Noradrenergic and cholinergic neural pathways mediate stress-induced reactivation of colitis in the rat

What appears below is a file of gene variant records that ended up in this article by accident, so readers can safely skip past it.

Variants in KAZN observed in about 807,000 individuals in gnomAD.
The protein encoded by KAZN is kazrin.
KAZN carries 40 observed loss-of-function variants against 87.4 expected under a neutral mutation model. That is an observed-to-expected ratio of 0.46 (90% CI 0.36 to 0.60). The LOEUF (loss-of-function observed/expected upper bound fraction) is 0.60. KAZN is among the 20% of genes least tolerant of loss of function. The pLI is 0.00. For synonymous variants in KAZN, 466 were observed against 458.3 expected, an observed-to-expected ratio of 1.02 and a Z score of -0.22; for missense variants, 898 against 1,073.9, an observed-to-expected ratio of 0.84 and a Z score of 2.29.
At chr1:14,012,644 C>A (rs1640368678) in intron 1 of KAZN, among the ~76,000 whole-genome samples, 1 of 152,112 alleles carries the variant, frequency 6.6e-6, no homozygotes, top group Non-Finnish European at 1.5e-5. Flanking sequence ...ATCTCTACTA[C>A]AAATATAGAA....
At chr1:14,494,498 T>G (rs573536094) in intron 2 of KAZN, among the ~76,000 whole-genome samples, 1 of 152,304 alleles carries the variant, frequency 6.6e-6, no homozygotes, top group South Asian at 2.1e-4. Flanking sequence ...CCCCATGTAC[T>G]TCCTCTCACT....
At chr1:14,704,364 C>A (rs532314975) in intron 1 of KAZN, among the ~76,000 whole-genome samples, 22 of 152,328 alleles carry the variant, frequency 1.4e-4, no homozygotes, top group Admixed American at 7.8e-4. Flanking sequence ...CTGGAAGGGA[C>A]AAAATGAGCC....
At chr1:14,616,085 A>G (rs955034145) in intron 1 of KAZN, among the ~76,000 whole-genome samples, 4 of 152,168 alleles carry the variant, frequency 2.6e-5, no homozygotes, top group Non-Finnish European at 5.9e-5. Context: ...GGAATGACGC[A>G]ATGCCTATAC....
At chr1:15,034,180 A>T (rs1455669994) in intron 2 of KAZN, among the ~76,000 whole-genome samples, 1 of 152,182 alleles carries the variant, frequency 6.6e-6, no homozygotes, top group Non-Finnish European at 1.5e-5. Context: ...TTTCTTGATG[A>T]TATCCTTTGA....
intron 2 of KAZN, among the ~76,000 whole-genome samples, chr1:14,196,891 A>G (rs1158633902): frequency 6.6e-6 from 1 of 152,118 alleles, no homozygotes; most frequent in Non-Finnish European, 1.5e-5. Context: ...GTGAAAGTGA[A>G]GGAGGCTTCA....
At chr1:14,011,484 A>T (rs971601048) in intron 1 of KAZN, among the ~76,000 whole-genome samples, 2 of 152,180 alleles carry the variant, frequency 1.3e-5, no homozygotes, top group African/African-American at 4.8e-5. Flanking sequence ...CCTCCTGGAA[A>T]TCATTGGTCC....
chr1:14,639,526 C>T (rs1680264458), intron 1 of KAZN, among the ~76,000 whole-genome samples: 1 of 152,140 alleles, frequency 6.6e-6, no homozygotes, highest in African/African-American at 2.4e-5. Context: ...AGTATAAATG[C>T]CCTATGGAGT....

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Evidence to date suggests that stress-induced exacerbation or relapse of intestinal inflammation in inflammatory bowel disease requires both activation of the autonomic nervous system and the activation of the immune system by the presence of previously encountered luminal antigens. The aim of the present study was to further explore these associations and to determine the role of the autonomic nervous in modulating the intestinal inflammatory response to stress. Rats healed from an initial dinitrobenzene sulfonic acid-induced colitis were given a non-colitic dose of dinitrobenzene sulfonic acid (dissolved in saline) or 0.9% saline intra-rectally and then subjected to restraint stress. Cardiac sympathovagal balance was assessed by power spectral analysis of heart rate variability data collected from telemetric electrocardiogram recordings before, during and post stress. Only rats that were stressed and received dinitrobenzene sulfonic acid showed an inflammatory relapse characterized by significant macroscopic damage and elevated myeloperoxidase activity associated with a significant infiltration of mucosal and submucosal T lymphocytes. No difference in inflammatory markers was observed in animals that received intra-rectal saline and restraint stress. Rats subjected to stress and intra-rectal dinitrobenzene sulfonic acid demonstrated an increase in sympathetic activity with a nearly four fold increase in LF:HF ratio during stress and a significant increase in heart rate. Shortly after cessation of stress, the LF:HF ratio decreased significantly, returning to baseline levels, however the heart rate remained significantly elevated over baseline levels following stress, but decreased to a level that was significantly lower than during stress. The stress/dinitrobenzene sulfonic acid-induced relapses were preventable by pre-treating rats with hexamethonium (a nicotinic cholinergic ganglion blocking agent) or the co-administration of atropine (a muscarinic cholinoceptor antagonist) and bretylium (a noradrenergic ganglion blocking agent), but was not prevented when either atropine or bretylium were administered alone. This study utilizes an established model of chemically induced colitis that when integrated with stress results in relapsing inflammatory bowel disease. Moreover, this study demonstrates that noradrenergic and cholinergic neural pathways mediate the stress response critical for the relapse of colitis.
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